**Please work in Groups of 4 - Due Oct. 9, 2019 at the Beginning of the Lecture (submit one version of this homework per group to the assignment 2 folder created on mycourses). **

For exercise 1 and 2, consider the data extract Canjuly18.txt based on the July 2018 wave of the Canadian Labor Force Survey collected by StatCan. For exercise 3, consider the time series database TsCanada. The data are available in a zip file (LFSCan.zip, which contains excel file, text file and .dta file for each database) in the folder “TA Conf”.

The propose of this exercise is to estimate the elasticity of labor supply with respect to hourly wage using Canadian Data from Labor Force Survey (LFS,Statistic Canada, July 2018). We will consider the Usual hours per week at their main job (*uhrsmain*) as the labor supplied by an individual at given hourly wage (*hrlyearn*).

Each group should choose one Census Metropolitan Area (CMA) as well as the province in which the CMA lies (see Table 1). The codes are useful for those using Stata.

*Plot the distribution of***categorical hours per week at main job**(hours_categ, created from uhrsmain) of Canadian workers. Do the same by gender. Briefly describe what you observe. Are Canadians usually working full-time at their main job? Do women work longer hours than men at their main job? (Please, max. 150 words).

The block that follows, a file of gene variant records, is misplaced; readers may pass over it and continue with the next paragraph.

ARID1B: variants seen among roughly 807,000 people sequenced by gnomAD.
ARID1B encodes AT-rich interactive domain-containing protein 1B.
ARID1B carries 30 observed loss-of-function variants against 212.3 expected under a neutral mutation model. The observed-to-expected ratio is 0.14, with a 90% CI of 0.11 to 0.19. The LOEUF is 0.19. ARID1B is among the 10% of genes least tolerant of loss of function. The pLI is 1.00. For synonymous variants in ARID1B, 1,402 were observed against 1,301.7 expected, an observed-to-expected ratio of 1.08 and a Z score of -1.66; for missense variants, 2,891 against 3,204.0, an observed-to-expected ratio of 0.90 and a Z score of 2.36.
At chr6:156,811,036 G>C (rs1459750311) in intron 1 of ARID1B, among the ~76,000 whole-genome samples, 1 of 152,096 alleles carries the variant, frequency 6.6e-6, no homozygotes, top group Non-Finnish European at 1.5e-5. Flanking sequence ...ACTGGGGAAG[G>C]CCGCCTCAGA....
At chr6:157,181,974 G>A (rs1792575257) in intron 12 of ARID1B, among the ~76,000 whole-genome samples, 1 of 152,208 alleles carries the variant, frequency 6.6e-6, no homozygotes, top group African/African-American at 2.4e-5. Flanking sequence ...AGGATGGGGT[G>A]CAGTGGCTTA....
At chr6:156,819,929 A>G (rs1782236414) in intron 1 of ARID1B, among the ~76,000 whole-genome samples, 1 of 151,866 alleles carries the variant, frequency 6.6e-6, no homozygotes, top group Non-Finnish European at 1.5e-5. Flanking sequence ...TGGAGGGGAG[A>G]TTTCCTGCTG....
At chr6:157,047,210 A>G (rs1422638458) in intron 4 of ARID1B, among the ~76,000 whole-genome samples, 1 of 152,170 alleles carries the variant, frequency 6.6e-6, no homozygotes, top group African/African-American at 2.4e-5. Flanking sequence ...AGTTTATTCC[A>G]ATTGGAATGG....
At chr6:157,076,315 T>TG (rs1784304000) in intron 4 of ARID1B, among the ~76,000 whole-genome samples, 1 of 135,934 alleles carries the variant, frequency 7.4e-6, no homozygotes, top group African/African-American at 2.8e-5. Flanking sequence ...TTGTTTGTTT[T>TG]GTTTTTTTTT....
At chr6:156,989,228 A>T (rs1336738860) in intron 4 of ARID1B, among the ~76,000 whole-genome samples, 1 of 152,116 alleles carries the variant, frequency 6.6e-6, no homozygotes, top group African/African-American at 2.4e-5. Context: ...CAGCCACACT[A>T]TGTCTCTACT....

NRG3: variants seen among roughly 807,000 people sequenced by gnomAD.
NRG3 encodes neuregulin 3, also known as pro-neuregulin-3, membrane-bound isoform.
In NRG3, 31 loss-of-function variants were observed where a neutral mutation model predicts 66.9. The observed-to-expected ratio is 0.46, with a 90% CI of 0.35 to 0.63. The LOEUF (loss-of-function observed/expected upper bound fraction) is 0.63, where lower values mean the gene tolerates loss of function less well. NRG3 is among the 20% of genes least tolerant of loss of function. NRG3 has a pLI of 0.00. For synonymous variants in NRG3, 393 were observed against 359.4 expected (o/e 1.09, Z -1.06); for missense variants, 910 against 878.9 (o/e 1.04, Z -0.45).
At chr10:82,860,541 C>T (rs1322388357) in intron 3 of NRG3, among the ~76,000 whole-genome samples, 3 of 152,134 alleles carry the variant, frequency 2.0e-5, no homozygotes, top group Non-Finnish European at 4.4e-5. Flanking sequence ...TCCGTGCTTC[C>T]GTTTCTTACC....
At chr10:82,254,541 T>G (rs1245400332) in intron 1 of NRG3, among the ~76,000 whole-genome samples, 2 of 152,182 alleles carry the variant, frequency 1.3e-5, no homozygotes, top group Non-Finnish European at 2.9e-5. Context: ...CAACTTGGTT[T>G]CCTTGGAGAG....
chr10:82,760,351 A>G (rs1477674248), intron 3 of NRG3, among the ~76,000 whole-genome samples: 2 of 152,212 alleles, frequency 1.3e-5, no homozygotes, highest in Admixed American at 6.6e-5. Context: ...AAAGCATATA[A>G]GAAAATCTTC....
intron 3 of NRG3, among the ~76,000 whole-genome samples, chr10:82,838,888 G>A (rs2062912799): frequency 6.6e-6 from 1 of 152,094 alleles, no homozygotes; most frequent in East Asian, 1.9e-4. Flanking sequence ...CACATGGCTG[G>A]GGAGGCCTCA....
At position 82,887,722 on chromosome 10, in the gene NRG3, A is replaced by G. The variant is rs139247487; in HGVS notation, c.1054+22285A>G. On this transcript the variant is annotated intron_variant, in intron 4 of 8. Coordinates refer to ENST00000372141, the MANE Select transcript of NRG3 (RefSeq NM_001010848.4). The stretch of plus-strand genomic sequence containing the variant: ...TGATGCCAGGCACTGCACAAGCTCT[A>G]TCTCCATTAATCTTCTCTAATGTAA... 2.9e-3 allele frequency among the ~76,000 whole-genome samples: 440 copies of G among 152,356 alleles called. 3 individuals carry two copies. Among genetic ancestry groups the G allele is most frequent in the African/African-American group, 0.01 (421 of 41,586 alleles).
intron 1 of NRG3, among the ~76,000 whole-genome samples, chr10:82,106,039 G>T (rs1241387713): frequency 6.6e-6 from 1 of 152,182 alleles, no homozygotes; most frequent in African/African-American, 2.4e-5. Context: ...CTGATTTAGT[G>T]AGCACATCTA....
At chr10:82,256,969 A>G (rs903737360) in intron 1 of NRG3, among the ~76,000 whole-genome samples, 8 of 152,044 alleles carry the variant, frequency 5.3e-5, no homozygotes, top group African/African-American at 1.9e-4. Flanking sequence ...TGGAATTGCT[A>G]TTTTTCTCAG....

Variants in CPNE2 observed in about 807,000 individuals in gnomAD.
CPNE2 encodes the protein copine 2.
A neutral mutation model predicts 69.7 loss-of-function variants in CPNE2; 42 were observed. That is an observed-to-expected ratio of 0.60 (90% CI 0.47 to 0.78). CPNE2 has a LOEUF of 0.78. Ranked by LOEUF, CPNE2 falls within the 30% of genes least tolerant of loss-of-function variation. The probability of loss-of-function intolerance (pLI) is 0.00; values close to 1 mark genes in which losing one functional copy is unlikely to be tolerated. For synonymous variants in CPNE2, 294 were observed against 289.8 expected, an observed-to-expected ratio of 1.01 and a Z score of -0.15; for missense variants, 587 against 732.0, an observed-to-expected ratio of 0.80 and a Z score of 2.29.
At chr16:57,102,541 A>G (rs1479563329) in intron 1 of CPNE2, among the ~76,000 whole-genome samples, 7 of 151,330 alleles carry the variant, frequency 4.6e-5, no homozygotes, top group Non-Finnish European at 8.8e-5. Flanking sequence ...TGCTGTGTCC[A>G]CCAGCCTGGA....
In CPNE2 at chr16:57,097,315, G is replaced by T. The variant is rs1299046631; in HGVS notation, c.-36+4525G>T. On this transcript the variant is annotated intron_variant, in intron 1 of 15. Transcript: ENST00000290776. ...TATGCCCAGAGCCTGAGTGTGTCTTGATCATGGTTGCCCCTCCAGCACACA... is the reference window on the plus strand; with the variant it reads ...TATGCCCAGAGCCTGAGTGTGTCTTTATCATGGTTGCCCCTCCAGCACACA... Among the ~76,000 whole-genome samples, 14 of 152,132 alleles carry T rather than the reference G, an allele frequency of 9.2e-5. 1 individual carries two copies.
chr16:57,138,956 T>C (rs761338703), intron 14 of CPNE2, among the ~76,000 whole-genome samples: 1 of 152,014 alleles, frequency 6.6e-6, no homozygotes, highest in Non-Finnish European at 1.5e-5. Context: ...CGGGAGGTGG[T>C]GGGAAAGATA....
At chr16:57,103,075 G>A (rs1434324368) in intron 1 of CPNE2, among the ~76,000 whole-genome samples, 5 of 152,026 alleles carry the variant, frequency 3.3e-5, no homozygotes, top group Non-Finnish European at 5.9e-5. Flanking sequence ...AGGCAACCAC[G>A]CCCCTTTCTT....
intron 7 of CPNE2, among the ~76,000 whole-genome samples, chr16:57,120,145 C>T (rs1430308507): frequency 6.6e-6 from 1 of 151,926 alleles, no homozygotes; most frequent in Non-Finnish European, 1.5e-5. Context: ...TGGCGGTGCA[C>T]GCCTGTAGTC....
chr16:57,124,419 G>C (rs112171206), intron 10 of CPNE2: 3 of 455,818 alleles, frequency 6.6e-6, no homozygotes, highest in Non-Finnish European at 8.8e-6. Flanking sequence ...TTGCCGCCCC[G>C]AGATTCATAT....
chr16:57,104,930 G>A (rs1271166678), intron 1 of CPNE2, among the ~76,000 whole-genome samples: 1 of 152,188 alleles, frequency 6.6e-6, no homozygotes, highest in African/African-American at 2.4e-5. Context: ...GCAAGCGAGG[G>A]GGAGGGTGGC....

**Possible answer**

The majority of canadians are working more than 35 hours per week i.e full time at their main job. However, other are working partial time at their main job (less than 30 hours). This result suggest that not all canadians are workin full time. By gender, we observe a left-skewed distribution for men and a right-skewed distribution for women. This result suggest that the fraction of women working partial time at their main job is much higher the fraction of men.

*Regress the usual hours per week at the main job (***uhrsmain**) on the hourly wage. What would the labor supply model predict for this regression? Are your regression results consistent with the theoretical predictions of the labor supply model? Interpret the results (max. 5 sentences).

\[ h_i = \beta_0 +\beta_1 \omega_i +\varepsilon_i \]

Estimate | Std. Error | t value | Pr(>|t|) | |
---|---|---|---|---|

Country |
Canada |
|||

constant | 32.64402 | 0.0955 | 341.80445 | 0 |

log wage | 0.13837 | 0.00322 | 42.93507 | 0 |

Province |
Alberta |
|||

constant | 32.56817 | 0.30414 | 107.08257 | 0 |

log wage | 0.15366 | 0.00884 | 17.3766 | 0 |

Province | British Columbia | |||